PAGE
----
COVID-19: State Should Strengthen Policies to Better Maintain Overseas Operations in Future Crises

GAO-22-104519 Published: Mar 16, 2022. Publicly Released: Mar 16, 2022.
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Fast Facts

Employees from 26 U.S. agencies work overseas in embassies and consulates operated by the State Department.

The COVID-19 pandemic caused the evacuation of thousands of civilian staff overseas, with some embassies and consulates losing more than half their staff in 2020. Telework and other operational adjustments largely allowed work to continue.

Nevertheless, some posts reported they didn't have sufficient information to help them determine which staff should remain to maintain operations. We identified a variety of opportunities to improve State's preparedness for future crises, recommended State improve its evacuation policies, and more.

Percentages of Evacuated Overseas Staff, by Region, Jan. 2020-Dec. 2020

World map showing percentages, by region, of evacuated overseas staff

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Highlights

What GAO Found

The Department of State made key decisions for overseas posts (e.g., U.S. embassies and consulates) during the COVID-19 pandemic, as shown in the figure below, but did not communicate them to other overseas agencies before they went into effect. State created a new global evacuation policy with flexibilities that were different from the pre-existing policies for post-specific evacuations, which created confusion for staff on timelines, allowances, and conditions for returning to post. According to federal internal control standards, policies should be documented in the appropriate level of detail. However, State has not yet established an evacuation policy that could be used for future crises affecting multiple posts. In addition, State's decisions for posts affected all U.S. government staff overseas but State did not communicate these key decisions, and related policies, to other overseas agencies before announcing them to all staff. As a result, other overseas agencies had to develop guidance for their staff to follow after State's public announcements.

Timeline of State's Key Decisions during the COVID-19 Pandemic

Timeline of State's Key Decisions during the COVID-19 Pandemic

Evacuations of key personnel and public health restrictions reduced some operations at posts, but information technology improvements and other adjustments largely allowed staff to continue to work. Nevertheless, some posts reported they did not have sufficient information to help them determine which staff should remain overseas and which could be evacuated. Posts implemented a maximum telework policy and State used COVID-19 relief funds to provide equipment and better network access. Federal internal control standards state that agencies should use quality information to make decisions. However, State does not track telework at overseas posts and, as a result, does not have the information needed to inform future decisions about its use overseas.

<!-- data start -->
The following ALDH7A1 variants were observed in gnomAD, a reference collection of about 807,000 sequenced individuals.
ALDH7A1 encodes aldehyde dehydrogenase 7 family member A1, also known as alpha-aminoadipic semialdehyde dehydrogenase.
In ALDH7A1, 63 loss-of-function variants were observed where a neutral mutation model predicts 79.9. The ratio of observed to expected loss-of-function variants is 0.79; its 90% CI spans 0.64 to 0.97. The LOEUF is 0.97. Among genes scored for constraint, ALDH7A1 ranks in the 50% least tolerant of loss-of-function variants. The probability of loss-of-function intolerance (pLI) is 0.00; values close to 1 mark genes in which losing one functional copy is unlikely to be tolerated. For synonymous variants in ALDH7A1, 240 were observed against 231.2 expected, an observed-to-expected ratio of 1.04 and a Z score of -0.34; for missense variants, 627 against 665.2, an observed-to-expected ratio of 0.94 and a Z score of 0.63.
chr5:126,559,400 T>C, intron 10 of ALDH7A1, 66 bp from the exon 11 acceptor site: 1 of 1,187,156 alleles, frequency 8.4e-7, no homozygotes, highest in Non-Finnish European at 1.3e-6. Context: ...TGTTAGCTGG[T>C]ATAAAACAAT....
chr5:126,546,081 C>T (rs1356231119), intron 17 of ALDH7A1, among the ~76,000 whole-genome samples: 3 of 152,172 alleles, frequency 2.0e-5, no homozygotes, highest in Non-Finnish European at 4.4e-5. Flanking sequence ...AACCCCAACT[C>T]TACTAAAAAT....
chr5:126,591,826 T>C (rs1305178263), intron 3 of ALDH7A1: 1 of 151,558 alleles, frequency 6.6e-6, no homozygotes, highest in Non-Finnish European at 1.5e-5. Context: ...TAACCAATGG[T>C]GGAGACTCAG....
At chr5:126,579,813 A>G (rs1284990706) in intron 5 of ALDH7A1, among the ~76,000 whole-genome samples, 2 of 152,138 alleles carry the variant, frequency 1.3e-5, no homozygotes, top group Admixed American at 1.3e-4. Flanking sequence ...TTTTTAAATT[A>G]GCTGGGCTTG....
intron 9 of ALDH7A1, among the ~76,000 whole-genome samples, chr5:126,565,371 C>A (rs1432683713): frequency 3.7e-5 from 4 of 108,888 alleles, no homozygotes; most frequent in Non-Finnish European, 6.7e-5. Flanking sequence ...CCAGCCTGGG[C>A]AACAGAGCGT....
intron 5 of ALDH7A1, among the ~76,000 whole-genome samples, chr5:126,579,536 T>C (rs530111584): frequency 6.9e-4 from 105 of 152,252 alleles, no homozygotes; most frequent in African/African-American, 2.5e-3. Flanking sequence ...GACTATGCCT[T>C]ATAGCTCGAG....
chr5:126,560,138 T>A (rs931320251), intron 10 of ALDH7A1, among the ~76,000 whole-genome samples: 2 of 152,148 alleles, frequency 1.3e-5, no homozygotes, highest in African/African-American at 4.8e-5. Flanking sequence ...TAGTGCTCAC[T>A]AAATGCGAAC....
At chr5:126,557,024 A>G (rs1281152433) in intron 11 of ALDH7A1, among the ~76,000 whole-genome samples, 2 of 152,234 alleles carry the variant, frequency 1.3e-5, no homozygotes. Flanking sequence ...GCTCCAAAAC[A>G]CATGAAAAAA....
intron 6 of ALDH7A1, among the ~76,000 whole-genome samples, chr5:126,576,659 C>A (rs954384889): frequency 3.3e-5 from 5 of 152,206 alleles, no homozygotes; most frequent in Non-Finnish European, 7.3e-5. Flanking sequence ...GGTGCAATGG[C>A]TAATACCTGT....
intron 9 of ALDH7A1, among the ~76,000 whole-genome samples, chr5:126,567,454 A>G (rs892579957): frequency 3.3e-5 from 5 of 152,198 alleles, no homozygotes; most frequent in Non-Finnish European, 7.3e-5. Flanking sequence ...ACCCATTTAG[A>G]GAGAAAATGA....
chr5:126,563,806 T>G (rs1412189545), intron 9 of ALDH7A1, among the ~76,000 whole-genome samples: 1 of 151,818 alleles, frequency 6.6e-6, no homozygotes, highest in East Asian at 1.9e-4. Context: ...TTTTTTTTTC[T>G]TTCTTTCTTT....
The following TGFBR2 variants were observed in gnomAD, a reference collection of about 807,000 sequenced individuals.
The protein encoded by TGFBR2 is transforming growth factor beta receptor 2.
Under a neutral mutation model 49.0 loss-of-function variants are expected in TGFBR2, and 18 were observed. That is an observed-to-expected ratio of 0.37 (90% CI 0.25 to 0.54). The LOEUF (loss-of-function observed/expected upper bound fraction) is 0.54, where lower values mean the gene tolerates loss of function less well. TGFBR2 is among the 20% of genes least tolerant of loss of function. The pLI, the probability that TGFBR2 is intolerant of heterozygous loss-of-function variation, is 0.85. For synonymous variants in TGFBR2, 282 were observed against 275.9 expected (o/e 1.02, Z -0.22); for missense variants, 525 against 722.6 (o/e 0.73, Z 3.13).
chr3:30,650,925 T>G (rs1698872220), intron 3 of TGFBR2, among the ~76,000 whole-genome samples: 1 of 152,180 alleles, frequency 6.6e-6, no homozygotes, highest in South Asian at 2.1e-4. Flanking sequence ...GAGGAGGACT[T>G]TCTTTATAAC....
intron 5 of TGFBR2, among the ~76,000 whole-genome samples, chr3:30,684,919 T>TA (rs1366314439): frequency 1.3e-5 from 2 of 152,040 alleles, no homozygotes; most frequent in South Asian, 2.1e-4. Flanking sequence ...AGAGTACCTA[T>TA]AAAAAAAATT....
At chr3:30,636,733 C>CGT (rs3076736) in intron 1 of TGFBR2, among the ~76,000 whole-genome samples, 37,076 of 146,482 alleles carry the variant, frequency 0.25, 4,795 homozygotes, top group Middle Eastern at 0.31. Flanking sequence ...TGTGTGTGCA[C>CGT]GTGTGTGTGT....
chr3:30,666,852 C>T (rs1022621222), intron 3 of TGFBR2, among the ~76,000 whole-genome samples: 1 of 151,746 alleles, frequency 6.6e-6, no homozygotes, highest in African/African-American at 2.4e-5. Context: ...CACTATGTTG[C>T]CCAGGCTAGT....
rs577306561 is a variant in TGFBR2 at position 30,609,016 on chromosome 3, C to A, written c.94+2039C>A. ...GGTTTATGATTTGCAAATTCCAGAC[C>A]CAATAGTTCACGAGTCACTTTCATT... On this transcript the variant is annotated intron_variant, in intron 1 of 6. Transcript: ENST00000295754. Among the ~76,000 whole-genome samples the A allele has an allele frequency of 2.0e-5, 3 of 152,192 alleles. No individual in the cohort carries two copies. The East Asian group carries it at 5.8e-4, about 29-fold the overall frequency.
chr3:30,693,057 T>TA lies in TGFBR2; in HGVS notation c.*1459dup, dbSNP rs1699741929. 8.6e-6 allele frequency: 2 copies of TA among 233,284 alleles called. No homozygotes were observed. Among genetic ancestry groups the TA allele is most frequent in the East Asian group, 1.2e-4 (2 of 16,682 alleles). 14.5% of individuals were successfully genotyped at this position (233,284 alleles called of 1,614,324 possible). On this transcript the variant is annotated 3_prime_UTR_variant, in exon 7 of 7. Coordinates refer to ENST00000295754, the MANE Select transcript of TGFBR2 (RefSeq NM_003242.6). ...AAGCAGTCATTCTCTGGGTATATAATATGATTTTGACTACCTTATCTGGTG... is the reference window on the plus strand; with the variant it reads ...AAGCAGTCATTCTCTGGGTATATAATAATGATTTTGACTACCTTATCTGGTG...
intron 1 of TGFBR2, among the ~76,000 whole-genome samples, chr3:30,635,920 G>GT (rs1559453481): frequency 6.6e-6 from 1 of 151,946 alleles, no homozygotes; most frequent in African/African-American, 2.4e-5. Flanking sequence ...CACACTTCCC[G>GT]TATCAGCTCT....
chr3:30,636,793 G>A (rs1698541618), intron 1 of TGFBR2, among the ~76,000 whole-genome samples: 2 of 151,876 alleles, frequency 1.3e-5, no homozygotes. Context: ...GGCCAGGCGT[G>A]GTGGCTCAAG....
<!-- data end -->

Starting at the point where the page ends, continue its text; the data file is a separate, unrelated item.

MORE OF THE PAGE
State has identified lessons learned on telework and communication but does not have a procedure for ensuring their collection from posts. According to State's guidance, lessons learned are required to be gathered and preserved after critical operational events. Individual posts reported lessons learned on communication, including the utility of informal communication between staff, but not all posts submitted required lessons learned. State does not have a procedure to ensure the collection of lessons learned from posts—a significant component of improving its future crisis response.

Why GAO Did This Study

The U.S. government has over 22,000 U.S. staff working in more than 290 overseas posts. State made operational adjustments in an effort to balance overseas staff's health with the pursuit of diplomacy during the COVID-19 pandemic.

The CARES Act includes a provision for GAO to report on its ongoing oversight efforts related to COVID-19. In addition, GAO was asked to examine State's overseas operational response to COVID-19. This report examines, among other things, actions State took to respond to COVID-19 and how it communicated them to overseas employees, posts' operational adjustments and the effect on operations, and lessons learned identified by State.